Sea surface microplastics in the Galapagos: Grab samples reveal high concentrations of particles <200 μm in size

Photo by Sören Funk on Unsplash

Plastic pollution in the oceans is increasing, yet most global sea surface data is collected using plankton nets which limits our knowledge of the smaller and more bioaccessible size fraction of microplastics (<5 mm). We sampled the biodiverse coastal waters of the Galapagos Island of San Cristobal, comparing two different microplastic sampling methodologies; 1 l whole seawater grab samples filtered to 1.2 μm and sea surface plankton tows with a net mesh size of 200 μm. Our data reveal high concentrations of microplastics in Galapagos coastal waters surrounding the urban area, averaging 11.5 ± 1.48 particles l−1, with a four-order of magnitude increase in microplastic abundance observed using grab sampling compared with 200 μm plankton nets. This increase was greater when including anthropogenic cellulose particles, averaging 19.8 ± 1.86 particles l−1. Microplastic and anthropogenic cellulose particles smaller than 200 μm comprised 44 % of the particles from grab samples, suggesting previous estimates of microplastic pollution based on plankton nets likely miss and therefore underestimate these smaller particles. The particle characteristics and distribution of these smaller particles points strongly to a local input of cellulosic fibres in addition to the microplastic particles transported longer distances via the Humbolt current found across the surface seawater of the Galapagos. Improving our understanding of particle characteristics and distributions to highlight likely local sources will facilitate the development of local mitigation and management plans to reduce the input and impacts of microplastics to marine species, not just in the Galapagos but globally.

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In 2022, the Galapagos Science Center (GSC) and the broader UNC & USFQ Galapagos Initiative will celebrate its 10th Anniversary. We are proud to announce the World Summit on Island Sustainability scheduled to be held on June 26–30, 2022 at the Galapagos Science Center and the Community Convention Center on San Cristobal Island.

The content of the World Summit will be distributed globally through social media and results documented through papers published in a book written as part of the Galapagos Book Series by Springer Nature and edited by Steve Walsh (UNC) & Carlos Mena (USFQ) as well as Jill Stewart (UNC) and Juan Pablo Muñoz (GSC/USC). The book will be inclusive and accessible by the broader island community including scientists, managers, residents, tourists, and government and non-government organizations.

While the most obvious goal of organizing the World Summit on Island Sustainability is to celebrate the 10th Anniversary of the GSC and the UNC-USFQ Galapagos Initiative, other goals will be addressed through special opportunities created as part of our operational planning of the World Summit.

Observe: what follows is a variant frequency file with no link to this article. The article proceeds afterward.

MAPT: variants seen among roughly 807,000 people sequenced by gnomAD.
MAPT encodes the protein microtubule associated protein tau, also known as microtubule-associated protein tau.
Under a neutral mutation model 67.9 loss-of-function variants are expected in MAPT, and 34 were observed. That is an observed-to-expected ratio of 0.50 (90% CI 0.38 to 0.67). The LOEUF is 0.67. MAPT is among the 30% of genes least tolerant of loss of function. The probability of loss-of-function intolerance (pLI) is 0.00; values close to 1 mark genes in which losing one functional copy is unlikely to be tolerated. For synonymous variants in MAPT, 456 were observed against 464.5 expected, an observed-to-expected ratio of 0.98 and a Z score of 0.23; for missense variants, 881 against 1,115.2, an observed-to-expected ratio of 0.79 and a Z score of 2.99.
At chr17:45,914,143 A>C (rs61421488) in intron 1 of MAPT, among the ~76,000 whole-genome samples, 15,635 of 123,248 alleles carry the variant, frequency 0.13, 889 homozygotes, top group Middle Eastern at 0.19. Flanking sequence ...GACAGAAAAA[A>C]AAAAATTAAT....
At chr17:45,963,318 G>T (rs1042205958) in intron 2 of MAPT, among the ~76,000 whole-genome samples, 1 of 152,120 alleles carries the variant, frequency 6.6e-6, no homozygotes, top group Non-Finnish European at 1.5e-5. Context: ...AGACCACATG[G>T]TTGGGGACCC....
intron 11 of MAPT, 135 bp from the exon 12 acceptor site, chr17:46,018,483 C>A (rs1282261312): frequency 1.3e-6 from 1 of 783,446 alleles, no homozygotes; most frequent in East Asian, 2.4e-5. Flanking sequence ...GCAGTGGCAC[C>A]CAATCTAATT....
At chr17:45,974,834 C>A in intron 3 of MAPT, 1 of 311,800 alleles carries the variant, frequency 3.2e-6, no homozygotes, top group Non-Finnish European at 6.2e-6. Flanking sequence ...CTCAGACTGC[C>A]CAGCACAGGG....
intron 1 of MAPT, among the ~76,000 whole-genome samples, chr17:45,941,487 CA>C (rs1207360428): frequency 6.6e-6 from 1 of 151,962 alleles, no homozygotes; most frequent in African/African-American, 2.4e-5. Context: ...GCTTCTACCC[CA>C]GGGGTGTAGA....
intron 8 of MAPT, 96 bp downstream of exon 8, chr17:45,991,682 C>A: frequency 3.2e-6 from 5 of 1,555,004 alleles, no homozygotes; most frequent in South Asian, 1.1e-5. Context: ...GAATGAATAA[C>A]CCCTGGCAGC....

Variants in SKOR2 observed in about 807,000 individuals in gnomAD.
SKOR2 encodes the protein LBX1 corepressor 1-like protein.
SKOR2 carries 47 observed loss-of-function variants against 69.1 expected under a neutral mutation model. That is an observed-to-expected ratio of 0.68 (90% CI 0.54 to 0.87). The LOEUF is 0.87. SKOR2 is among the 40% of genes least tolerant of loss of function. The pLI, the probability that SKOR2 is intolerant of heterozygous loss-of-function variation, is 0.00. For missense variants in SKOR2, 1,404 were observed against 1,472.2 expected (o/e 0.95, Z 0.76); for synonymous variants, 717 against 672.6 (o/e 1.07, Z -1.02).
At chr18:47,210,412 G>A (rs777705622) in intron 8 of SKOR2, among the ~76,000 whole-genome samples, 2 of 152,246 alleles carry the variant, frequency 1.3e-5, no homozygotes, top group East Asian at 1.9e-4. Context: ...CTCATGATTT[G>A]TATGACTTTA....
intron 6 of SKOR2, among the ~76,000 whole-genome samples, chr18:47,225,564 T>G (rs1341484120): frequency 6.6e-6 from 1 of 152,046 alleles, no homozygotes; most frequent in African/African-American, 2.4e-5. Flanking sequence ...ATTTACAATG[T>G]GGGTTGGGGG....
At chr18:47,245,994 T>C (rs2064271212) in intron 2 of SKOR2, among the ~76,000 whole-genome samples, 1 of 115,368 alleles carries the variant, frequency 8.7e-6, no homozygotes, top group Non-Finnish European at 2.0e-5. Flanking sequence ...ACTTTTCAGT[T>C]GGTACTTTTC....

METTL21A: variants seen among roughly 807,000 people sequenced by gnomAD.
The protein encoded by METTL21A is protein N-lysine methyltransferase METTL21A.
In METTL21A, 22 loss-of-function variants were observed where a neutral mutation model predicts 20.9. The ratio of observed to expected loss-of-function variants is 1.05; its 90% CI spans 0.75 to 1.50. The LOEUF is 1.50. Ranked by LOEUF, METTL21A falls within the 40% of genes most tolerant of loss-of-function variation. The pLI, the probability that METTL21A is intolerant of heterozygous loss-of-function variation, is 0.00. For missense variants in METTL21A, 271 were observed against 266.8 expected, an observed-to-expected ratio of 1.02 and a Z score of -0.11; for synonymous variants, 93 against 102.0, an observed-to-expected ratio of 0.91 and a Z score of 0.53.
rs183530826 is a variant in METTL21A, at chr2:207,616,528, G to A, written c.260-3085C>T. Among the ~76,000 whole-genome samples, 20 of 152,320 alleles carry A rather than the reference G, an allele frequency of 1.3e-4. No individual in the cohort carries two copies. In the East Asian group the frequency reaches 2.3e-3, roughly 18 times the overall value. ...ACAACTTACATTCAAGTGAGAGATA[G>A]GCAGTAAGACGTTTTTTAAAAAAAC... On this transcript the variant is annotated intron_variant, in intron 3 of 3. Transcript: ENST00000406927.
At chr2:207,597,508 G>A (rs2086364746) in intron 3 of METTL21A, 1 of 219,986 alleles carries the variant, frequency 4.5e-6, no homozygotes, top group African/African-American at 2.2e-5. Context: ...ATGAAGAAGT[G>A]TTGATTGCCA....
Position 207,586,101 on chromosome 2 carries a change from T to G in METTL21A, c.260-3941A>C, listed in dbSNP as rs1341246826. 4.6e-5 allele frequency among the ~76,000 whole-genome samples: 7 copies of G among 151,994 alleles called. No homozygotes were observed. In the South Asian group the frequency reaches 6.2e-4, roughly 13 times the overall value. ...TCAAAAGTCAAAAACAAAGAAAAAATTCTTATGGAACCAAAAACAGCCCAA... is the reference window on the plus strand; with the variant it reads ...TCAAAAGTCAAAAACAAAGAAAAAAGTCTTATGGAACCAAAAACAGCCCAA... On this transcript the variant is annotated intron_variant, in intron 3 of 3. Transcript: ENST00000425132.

For instance, we seek to elevate and highlight the Galapagos in the island conservation discourse, seeking to interact with other island networks in more obvious and conspicuous ways to benefit the Galapagos Islands, the UNC-USFQ Galapagos Initiative, and the world. We will seize the opportunity to further develop the I2N2 – International Islands Network-of-Networks. Further, we wish to highlight and emphasize multiple visions of a sustainable future for the Galapagos Islands and we cannot do this alone. Therefore, engaging the Ecuadorian Ministry of Environment, the Ministry of Tourism, the Government Council of Galapagos, the Galapagos National Park, and local Galapagos authorities, including government and non-government organizations and local citizen groups, is imperative.

The Galapagos Science Center on San Cristobal Island, Galapagos

Borrowing from Hawaii’s and Guam’s Green Growth Program and the Global Island Partnership, we wish to examine existing global programs that emphasize island sustainability and their incorporation into life, policies, and circumstances in the Galapagos Islands. We will also seek to enhance our connections with the institutional members of our International Galapagos Science Consortium and expand the Consortium through the recruitment of other member institutions. We will also work to benefit islands and their local communities by working with citizen groups as well as important NGOs who seek to improve the natural conditions in the Galapagos and diminish the impact of the human dimension on the future of Galapagos’ ecosystems.

Lastly, we will use the World Summit to benefit UNC & USFQ and our constituencies through a strong and vibrant communication plan about the World Summit, creating corporate relationships as sponsors, identifying funding goals through donors, and benefiting our study abroad program for student engagement in the Galapagos Islands. We plan to develop and issue a Galapagos Sustainability Communique after the World Summit that includes the vision and insights of all its participants for a sustainable Galapagos with applicability to global island settings.

We are eager to hear your perspective and have you join us at the World Summit on Island Sustainability!